It looks like Volvo is planning on building a premium electric compact crossover to rival the likes of the Mercedes-Benz EQA. Like the successor to the XC90 it's expected to break away from Volvo's traditional name scheme.
Small SUVs will rival the Mercedes-Benz EQA
Volvo is understood to be working on a premium-oriented compact crossover in the vein of the Mercedes-Benz EQA and DS 3 Crossback E-Tense. The model will play a key role in the brand’s ambition for EVs to account for 50% of its global sales by 2025. Previously tipped to take either the XC20 or C20 moniker into production, it has now been confirmed to follow the XC90 replacement in adopting a new name and, like that car, will sit high off the ground but feature a streamlined silhouette to maximise efficiency.
It will be the first Volvo model to sit on Geely’s new ‘open-source’ SEA platform, as first used for the new 001 shooting brake from nascent Chinese premium brand Zeekr (above). That car, which is set to be offered globally from next year, comes with either an 86kWh or 100kWh battery for a maximum range of 435 miles, hinting at the long-range potential of any platform-sharing Volvo model.
Notably, Zeekr claims it can charge at speeds of up to 360kW, which allows for 75 miles of range to be added in just five minutes. However, the 001’s 536bhp twin-motor drivetrain is likely to remain the preserve of performance-focused models.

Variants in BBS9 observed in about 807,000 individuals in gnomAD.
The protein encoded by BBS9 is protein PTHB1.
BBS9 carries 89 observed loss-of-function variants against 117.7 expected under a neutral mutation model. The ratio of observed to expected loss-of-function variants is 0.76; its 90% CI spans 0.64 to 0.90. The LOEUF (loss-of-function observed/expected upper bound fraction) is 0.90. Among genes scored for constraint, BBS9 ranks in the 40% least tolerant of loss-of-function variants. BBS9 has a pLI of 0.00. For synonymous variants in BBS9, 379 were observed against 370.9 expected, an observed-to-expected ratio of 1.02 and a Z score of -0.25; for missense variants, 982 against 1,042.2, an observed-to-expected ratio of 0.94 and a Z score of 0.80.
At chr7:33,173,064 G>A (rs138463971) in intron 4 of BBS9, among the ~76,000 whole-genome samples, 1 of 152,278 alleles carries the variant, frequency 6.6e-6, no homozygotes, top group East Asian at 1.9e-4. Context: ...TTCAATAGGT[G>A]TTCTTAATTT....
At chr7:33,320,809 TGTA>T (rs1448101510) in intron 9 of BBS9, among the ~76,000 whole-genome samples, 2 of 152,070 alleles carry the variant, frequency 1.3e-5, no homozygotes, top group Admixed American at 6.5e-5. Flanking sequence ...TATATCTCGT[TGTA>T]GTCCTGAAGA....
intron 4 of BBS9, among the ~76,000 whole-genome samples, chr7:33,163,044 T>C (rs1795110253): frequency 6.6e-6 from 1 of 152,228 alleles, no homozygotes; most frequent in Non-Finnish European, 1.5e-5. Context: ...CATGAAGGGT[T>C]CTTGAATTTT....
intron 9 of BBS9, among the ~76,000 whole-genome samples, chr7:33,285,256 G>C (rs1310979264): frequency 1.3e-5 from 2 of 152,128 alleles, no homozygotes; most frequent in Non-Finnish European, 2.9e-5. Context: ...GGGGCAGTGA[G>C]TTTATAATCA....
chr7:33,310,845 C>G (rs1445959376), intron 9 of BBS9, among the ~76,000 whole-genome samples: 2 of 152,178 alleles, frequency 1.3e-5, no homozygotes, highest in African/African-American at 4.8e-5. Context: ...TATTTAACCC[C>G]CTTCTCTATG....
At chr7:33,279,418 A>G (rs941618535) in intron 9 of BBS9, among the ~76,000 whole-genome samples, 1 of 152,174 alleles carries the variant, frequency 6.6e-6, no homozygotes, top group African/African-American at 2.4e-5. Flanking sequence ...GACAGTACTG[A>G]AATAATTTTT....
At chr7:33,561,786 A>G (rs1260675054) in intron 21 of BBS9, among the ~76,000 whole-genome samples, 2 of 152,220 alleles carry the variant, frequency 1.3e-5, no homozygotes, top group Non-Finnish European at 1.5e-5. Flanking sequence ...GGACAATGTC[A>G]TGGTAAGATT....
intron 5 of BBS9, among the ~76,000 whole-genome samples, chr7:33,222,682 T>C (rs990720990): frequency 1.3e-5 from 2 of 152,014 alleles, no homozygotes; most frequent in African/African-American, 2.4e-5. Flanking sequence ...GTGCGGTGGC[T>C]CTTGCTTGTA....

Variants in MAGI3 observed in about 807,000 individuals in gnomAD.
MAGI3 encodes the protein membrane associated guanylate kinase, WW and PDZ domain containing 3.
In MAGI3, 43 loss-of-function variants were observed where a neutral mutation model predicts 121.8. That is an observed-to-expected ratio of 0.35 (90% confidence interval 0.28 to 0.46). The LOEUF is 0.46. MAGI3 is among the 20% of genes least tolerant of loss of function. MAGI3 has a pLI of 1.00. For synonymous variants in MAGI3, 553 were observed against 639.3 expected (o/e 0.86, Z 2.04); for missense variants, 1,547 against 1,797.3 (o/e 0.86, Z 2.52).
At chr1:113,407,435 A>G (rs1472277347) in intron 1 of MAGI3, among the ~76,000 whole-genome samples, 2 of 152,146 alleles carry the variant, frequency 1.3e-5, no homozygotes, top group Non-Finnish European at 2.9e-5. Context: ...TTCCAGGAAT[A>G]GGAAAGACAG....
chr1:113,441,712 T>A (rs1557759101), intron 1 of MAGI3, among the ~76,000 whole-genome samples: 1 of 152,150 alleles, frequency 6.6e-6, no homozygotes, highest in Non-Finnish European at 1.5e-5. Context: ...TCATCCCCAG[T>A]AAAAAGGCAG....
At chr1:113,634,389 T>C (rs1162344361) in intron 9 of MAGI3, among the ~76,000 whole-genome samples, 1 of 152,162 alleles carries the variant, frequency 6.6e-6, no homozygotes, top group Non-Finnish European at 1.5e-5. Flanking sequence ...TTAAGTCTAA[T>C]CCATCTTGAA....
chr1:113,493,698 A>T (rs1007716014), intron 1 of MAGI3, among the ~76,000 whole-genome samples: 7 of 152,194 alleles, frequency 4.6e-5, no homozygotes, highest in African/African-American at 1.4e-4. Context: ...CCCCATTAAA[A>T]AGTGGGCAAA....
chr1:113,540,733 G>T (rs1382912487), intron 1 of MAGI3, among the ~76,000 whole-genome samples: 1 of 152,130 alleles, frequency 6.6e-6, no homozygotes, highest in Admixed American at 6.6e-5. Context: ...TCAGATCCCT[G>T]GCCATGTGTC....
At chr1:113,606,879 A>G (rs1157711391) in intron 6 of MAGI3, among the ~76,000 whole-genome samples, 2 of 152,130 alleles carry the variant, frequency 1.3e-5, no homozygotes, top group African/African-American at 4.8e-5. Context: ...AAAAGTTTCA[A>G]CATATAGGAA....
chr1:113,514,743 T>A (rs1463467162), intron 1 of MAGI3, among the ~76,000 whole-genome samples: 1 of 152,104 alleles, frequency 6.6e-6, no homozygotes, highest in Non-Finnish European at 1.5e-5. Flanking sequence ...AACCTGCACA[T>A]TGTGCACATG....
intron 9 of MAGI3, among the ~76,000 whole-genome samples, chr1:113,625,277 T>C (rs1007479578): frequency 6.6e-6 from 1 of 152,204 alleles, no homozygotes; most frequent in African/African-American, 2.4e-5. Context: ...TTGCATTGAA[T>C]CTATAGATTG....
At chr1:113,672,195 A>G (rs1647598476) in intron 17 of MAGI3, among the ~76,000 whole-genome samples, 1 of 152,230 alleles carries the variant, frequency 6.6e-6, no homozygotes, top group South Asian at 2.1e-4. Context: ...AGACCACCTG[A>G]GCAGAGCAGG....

Other headline features of the SEA architecture include its automatically lowering suspension, facial recognition functionality and ‘full-life’ over-the-air update compatibility.
Polestar’s second SUV, due in 2023, will sit between the 2 and 3 in terms of size and feature similarly rakish proportions to the flagship model but it will be positioned as a more mass-market proposition. It will sit lower to the ground than the 3 and even has a more heavily curved roofline, but Polestar boss Thomas Ingenlath said it will not “compromise much” on interior space.
Its size and positioning (Polestar has hinted at a price of around £41,000) suggest it will be closely related to Volvo’s existing C40 Recharge and, as such, could use the same CMA architecture as that car and its 2 stablemate. This would mean the option of front and all-wheel drive, and a choice of either 64kWh or 78kWh batteries.